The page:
“We’re not cutting-edge,” she admits, “but we are definitely early adopters. We have the benefit of a community that is intimately involved. Also because of the building project, we are on the lookout for things we might want to adopt. And we’re small enough to be able to experiment without a lot of investment. One or two iPads in the children’s room is easy to implement on an experimental basis, and we’re always willing to give it a try.”

Sag Harbor CAC Attendance Wanes

Tags: , , , , , , , ,


Claire Walla

If you haven’t been to a Sag Harbor Citizens Advisory Committee (CAC) meeting recently, you’re not alone. Attendance at the community meetings has waned in recent months, last Sunday playing host to just two attendees — one of whom was the co-chair leading the meeting.

The duo briefly discussed issues affecting Southampton Town, as is a CAC’s purview, like the amount of nitrogen seeping into local waterways and a new proposal from Councilman Chris Nuzzi to create a committee to expedite the permitting process for builders and small business owners.

But with such a small audience, the meeting was mostly just informative.

“I’d like to grow,” Judah Mahay said of CAC attendance.

According to Mahay, co-chair of the CAC, the group technically has five active members. However, since February the meetings have only garnered two or three members (including the two co-chairs). The most populous meeting — in April — attracted a crowd of seven, and featured a speaker from the Quiet Skies Coalition who discussed the issue of helicopter noise.

At this point, he added, his main issue is building a core group of members. “We’re being proactive for community involvement,” he said.

Part of the CAC slow-down has to do with the fact that the organization is in a redevelopment process, explained co-chair John Linder.

“Clearly, we’re in a period of transition,” said Linder, who is prepping Mahay to take on the role in its entirety in 2013. Linder and Mahay officially became co-chairs this past February. “At this point, we’re just taking it month-to-month.”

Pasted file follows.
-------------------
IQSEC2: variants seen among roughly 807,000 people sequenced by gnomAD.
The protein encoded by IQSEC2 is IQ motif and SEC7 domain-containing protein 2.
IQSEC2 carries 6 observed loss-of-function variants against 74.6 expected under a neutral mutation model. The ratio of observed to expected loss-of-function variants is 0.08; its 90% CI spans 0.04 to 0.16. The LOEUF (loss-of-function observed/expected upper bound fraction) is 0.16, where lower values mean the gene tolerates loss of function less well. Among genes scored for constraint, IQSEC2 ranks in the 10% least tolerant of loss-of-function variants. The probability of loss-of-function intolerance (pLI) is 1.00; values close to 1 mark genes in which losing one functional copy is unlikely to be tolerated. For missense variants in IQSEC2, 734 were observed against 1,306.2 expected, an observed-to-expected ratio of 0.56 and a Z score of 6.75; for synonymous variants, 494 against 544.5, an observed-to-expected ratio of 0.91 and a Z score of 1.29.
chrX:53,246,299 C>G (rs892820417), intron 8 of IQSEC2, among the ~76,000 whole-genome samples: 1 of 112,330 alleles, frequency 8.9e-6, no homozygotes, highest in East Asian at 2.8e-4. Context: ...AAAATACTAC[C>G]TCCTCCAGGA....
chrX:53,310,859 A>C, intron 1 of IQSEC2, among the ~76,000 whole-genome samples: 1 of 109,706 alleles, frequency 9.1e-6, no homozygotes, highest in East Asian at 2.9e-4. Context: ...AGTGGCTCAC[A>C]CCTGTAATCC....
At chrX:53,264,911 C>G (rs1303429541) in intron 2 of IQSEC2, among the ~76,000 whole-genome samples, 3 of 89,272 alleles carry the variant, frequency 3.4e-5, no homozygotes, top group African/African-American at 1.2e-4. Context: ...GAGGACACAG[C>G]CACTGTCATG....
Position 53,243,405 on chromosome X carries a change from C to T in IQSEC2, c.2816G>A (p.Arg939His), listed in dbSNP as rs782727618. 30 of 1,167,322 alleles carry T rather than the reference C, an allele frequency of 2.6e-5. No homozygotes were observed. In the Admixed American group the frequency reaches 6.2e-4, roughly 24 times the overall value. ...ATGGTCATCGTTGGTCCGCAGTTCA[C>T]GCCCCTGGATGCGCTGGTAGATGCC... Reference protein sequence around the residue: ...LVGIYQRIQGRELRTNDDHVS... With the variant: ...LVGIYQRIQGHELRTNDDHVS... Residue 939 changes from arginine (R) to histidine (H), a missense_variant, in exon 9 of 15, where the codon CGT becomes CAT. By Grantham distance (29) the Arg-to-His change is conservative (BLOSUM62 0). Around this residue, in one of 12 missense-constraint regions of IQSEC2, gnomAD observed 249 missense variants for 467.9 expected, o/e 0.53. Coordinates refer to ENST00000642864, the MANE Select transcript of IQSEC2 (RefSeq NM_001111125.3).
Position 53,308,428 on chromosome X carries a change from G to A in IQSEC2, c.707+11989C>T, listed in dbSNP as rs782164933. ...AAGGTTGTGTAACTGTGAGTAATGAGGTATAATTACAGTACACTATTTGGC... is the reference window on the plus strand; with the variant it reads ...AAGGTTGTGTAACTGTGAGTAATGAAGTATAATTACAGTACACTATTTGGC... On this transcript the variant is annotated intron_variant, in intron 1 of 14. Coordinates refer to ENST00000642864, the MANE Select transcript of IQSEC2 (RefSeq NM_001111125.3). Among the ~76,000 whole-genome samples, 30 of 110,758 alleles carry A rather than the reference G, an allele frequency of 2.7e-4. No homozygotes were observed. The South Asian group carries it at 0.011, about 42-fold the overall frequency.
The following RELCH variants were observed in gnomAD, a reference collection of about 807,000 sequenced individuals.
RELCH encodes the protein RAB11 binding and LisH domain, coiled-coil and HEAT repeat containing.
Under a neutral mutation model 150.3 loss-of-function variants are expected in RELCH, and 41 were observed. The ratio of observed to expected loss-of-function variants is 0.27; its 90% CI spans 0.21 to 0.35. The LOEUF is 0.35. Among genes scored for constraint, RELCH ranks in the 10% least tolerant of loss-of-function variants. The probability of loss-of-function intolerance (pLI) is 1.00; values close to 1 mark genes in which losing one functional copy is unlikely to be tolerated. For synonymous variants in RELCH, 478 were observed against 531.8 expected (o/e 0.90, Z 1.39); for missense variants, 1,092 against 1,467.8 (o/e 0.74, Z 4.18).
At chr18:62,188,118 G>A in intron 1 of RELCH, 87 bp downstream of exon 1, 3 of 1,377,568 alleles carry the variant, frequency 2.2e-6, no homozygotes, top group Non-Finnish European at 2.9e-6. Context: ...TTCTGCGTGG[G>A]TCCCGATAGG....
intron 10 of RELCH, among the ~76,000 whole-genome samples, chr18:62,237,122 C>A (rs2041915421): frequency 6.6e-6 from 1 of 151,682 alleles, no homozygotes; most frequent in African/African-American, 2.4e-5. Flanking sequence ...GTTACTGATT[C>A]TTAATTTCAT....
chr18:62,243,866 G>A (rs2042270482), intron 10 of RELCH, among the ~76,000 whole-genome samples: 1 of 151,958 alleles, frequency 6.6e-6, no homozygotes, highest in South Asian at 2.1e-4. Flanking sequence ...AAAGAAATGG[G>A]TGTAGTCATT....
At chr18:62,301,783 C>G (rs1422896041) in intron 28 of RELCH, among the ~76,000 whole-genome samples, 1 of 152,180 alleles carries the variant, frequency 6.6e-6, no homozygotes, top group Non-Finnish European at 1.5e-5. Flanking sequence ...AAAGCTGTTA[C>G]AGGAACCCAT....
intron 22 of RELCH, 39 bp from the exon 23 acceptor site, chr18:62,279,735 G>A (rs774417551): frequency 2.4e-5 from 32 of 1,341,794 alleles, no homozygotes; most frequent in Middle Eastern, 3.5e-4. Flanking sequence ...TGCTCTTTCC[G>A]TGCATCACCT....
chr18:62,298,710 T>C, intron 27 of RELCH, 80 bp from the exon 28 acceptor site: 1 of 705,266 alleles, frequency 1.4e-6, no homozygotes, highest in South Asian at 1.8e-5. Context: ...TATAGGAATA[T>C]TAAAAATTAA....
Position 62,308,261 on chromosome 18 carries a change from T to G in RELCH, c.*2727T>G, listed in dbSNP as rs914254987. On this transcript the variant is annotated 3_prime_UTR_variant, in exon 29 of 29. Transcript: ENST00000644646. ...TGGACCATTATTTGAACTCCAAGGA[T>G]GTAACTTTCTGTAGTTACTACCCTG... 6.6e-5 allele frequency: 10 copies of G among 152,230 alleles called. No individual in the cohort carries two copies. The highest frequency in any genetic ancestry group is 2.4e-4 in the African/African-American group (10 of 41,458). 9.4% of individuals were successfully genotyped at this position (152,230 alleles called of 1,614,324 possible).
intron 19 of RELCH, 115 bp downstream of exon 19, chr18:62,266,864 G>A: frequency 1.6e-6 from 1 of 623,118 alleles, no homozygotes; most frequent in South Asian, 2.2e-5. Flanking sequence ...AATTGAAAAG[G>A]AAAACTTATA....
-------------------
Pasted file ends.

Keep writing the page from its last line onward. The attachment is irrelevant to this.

The mission of all local CACs is to keep abreast and weigh in on issues affecting those areas that lie outside village jurisdiction, but within Southampton Town’s. At last Sunday’s meeting, Mahay explained to his one guest that the Sag Harbor CAC’s main priority at the moment is “being proactive to gain community involvement.”

Mahay himself is taking steps to give the CAC much more of a presence in the community, which includes giving the organization an online presence.

“We’ve thought about ways to bring people to the CAC, to not only show up, but to participate in the community,” Mahay continued. He mentioned setting up an information booth outside the library to explain what the organization is all about, in addition to creating an interactive website for the CAC.

Mahay said the website will include all the minutes from CAC meetings, as well as all letters drafted on behalf of CAC members that are sent to the town board or local publications. He expects the website to be up and running before the organization’s next meeting, July 8.

While Linder explained that a couple active CAC members are actually summer residents who have not yet arrived, some wonder whether the low attendance has to do with the current time slot: Sunday afternoons at 1:30 p.m.

CAC member Eric Cohen regularly attended meetings until they were switched from Friday afternoon at 4:30 p.m. to their current Sunday time slot.

“That’s the entire reason for me,” Cohen said, explaining why he no longer attends meetings. Plus, he said the issues in the greater Sag Harbor community are not as crucial as they were a few years ago.

CACs were established about 15 years ago so that areas in Southampton Town without a localized government could have a much stronger connection to the town board. The Bridgehampton CAC, for example, has a relatively high attendance rate because the hamlet has a significant population with issues that cannot be addressed locally.